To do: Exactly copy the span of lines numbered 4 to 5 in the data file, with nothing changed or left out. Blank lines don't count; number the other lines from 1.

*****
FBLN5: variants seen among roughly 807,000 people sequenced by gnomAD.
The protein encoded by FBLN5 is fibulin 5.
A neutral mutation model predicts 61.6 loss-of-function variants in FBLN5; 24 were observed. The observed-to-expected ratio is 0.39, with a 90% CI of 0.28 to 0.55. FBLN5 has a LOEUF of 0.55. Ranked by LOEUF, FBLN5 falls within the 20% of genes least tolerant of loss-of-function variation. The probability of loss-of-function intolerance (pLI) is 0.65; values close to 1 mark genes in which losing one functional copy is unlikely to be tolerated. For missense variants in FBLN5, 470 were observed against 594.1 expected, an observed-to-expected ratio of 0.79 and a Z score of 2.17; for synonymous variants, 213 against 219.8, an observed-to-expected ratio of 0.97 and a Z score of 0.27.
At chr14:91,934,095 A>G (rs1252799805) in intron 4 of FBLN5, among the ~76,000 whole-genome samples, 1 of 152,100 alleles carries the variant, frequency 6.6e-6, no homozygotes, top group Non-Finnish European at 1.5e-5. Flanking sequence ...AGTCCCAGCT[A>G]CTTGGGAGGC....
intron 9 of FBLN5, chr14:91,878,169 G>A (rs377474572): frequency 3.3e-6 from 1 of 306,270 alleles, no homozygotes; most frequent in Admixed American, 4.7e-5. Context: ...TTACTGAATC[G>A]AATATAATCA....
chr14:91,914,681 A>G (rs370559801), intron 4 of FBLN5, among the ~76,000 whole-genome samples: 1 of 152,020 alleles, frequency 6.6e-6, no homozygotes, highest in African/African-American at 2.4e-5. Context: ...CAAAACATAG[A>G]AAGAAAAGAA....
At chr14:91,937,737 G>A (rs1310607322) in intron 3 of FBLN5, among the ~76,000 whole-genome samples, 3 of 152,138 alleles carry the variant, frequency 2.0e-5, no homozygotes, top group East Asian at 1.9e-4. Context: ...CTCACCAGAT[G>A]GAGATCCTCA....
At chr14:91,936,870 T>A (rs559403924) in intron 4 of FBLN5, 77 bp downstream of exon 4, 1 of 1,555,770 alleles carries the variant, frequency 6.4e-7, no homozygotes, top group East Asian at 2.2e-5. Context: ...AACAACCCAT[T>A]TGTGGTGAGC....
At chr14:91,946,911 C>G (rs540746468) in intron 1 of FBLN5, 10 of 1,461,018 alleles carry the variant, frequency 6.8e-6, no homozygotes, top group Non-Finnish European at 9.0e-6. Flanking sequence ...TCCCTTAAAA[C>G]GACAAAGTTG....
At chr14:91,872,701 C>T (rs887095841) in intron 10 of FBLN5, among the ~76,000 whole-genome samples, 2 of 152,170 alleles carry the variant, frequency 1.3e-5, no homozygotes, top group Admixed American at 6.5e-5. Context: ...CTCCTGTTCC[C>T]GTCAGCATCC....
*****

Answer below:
At chr14:91,934,095 A>G (rs1252799805) in intron 4 of FBLN5, among the ~76,000 whole-genome samples, 1 of 152,100 alleles carries the variant, frequency 6.6e-6, no homozygotes, top group Non-Finnish European at 1.5e-5. Flanking sequence ...AGTCCCAGCT[A>G]CTTGGGAGGC....
intron 9 of FBLN5, chr14:91,878,169 G>A (rs377474572): frequency 3.3e-6 from 1 of 306,270 alleles, no homozygotes; most frequent in Admixed American, 4.7e-5. Context: ...TTACTGAATC[G>A]AATATAATCA....